Simmon’s worries were put to rest when she became the first woman since 2010 to win both an indoor and outdoor conference championship at the 2021 Sun Belt Outdoor Championships. She won the triple jump with a leap of 12.83 meters to extend her mark as the fourth-best triple jump in program history. At the 2021 Sun Belt Indoor Championships, she won the triple jump again with a 12.67-meter jump. 

“Being able to do that was like ‘Okay, if you can do that while hurting, imagine the possibilities when you’re healthy again,’” Simmons said. 

Peighton Simmons stands atop the podium after capturing her second-straight SBC triple jump title. (Courtesy of App State Athletics)

As Simmons hoped, when she became healthy, she reached the expectations she set for herself. On the first meet of this season at the App State Invite, Simmons took off for 13.11 meters in the triple jump. This was the farthest attempt in the Holmes Convocation Center and second farthest attempt in program history. Simmons also won the long jump after propelling herself 6.06 meters, her personal record by a foot. Simmons recorded half of the team’s first place finishes at the meet. She was named the Sun Belt Women’s Field Athlete of the Week for her performance.

“It feels great to win, but if I don’t hit the mark that I have set for myself, then I’m still not truly satisfied with the performance,” Simmons said. “Being able to set the Holmes Center record and be named the Sun Belt Women’s Field Athlete of the Week was truly rewarding this go around because to earn those accolades meant I accomplished my goal: a personal record. I PR’d by a foot, and that was the most rewarding of it all.”

Simmons continued her high level of success this season, winning both the long and triple jump events at the Marshall Invitational. Jumping to 5.92 and 13.10 meters respectively. She won another Sun Belt Women’s Field Athlete of the Week award, the only App State track athlete to do so this season.

This success hit its climax at the 2022 Sun Belt Indoor Championship. Simmons achieved her personal record of 13.28 meters in the triple jump to win her third Sun Belt Championship. She posted another personal record in the long jump. Her 6.10 meters earned her silver in the event.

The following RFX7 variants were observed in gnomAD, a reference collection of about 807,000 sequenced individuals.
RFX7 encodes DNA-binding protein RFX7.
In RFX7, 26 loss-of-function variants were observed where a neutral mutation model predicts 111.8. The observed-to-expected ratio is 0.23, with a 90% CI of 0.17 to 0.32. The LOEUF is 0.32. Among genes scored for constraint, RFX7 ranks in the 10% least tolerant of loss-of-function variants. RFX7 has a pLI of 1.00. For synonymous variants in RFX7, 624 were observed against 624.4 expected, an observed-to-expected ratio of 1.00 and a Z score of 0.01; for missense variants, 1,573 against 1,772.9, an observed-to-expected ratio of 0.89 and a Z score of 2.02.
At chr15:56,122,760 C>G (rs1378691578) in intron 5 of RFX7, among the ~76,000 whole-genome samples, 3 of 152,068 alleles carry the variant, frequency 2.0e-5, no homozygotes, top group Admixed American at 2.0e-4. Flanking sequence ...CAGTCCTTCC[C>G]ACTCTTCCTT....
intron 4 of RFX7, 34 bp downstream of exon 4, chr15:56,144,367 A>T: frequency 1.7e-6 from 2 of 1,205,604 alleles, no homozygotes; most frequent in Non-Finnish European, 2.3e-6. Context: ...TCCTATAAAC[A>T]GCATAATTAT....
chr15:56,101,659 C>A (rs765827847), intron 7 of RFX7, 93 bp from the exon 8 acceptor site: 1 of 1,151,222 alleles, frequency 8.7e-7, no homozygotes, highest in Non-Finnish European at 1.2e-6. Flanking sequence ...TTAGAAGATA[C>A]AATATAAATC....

After graduation, Simmons hopes to go into psychology, but she is not waiting until she graduates to showcase these skills. Junior Taylor Smith recounts how Simmons kept her calm at the 2020 Sun Belt Indoor Championships. 

“My favorite memory with Peighton would have to be my freshman year at indoor conference in the long jump finals,” Smith said. “It was just me and her, and I was extremely nervous, but her uplifting spirit and sense of humor helped me overcome my nerves.” 

Simmons’ time donning the spikes for the Mountaineers nears its end as she seeks a successful post-college career. 

“After officially hanging up my spikes at the end of the academic year, I’ll be finishing up my last year of graduate school, so I still won’t be too far from the track,” Simmons said. “After graduate school, I hope to gain some occupational experience in the counseling field before going back to school for the last time, I promise, with the ultimate goal of becoming a licensed psychologist.” 

Coach McLean looks back at his experiences on and off the track with Simmons fondly. 

It’s been a pleasure to see the highs and lows each time she’s competing with her teammates,” McLean said. “She makes them better, and they make her better as well.”